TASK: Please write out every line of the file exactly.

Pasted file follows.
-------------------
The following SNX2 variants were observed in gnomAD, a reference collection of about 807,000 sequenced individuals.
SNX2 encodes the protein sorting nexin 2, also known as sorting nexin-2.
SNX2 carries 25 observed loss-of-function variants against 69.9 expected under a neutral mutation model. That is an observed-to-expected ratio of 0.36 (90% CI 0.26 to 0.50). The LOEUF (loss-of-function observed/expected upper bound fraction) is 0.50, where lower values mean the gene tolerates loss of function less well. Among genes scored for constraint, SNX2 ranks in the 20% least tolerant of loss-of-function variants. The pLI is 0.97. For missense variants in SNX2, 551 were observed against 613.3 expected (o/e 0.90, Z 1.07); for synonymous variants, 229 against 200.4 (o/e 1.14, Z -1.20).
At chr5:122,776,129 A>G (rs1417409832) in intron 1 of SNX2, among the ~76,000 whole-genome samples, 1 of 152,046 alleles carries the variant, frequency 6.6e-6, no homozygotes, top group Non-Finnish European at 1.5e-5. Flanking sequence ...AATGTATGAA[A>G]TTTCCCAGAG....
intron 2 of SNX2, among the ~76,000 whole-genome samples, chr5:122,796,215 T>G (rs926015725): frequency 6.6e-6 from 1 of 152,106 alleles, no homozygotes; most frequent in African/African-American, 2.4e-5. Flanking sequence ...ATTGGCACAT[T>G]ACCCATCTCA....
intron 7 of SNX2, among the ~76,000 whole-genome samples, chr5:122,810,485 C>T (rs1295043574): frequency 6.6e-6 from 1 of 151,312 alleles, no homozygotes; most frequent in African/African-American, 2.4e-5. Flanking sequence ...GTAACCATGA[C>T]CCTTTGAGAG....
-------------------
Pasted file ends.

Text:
The following SNX2 variants were observed in gnomAD, a reference collection of about 807,000 sequenced individuals.
SNX2 encodes the protein sorting nexin 2, also known as sorting nexin-2.
SNX2 carries 25 observed loss-of-function variants against 69.9 expected under a neutral mutation model. That is an observed-to-expected ratio of 0.36 (90% CI 0.26 to 0.50). The LOEUF (loss-of-function observed/expected upper bound fraction) is 0.50, where lower values mean the gene tolerates loss of function less well. Among genes scored for constraint, SNX2 ranks in the 20% least tolerant of loss-of-function variants. The pLI is 0.97. For missense variants in SNX2, 551 were observed against 613.3 expected (o/e 0.90, Z 1.07); for synonymous variants, 229 against 200.4 (o/e 1.14, Z -1.20).
At chr5:122,776,129 A>G (rs1417409832) in intron 1 of SNX2, among the ~76,000 whole-genome samples, 1 of 152,046 alleles carries the variant, frequency 6.6e-6, no homozygotes, top group Non-Finnish European at 1.5e-5. Flanking sequence ...AATGTATGAA[A>G]TTTCCCAGAG....
intron 2 of SNX2, among the ~76,000 whole-genome samples, chr5:122,796,215 T>G (rs926015725): frequency 6.6e-6 from 1 of 152,106 alleles, no homozygotes; most frequent in African/African-American, 2.4e-5. Flanking sequence ...ATTGGCACAT[T>G]ACCCATCTCA....
intron 7 of SNX2, among the ~76,000 whole-genome samples, chr5:122,810,485 C>T (rs1295043574): frequency 6.6e-6 from 1 of 151,312 alleles, no homozygotes; most frequent in African/African-American, 2.4e-5. Flanking sequence ...GTAACCATGA[C>T]CCTTTGAGAG....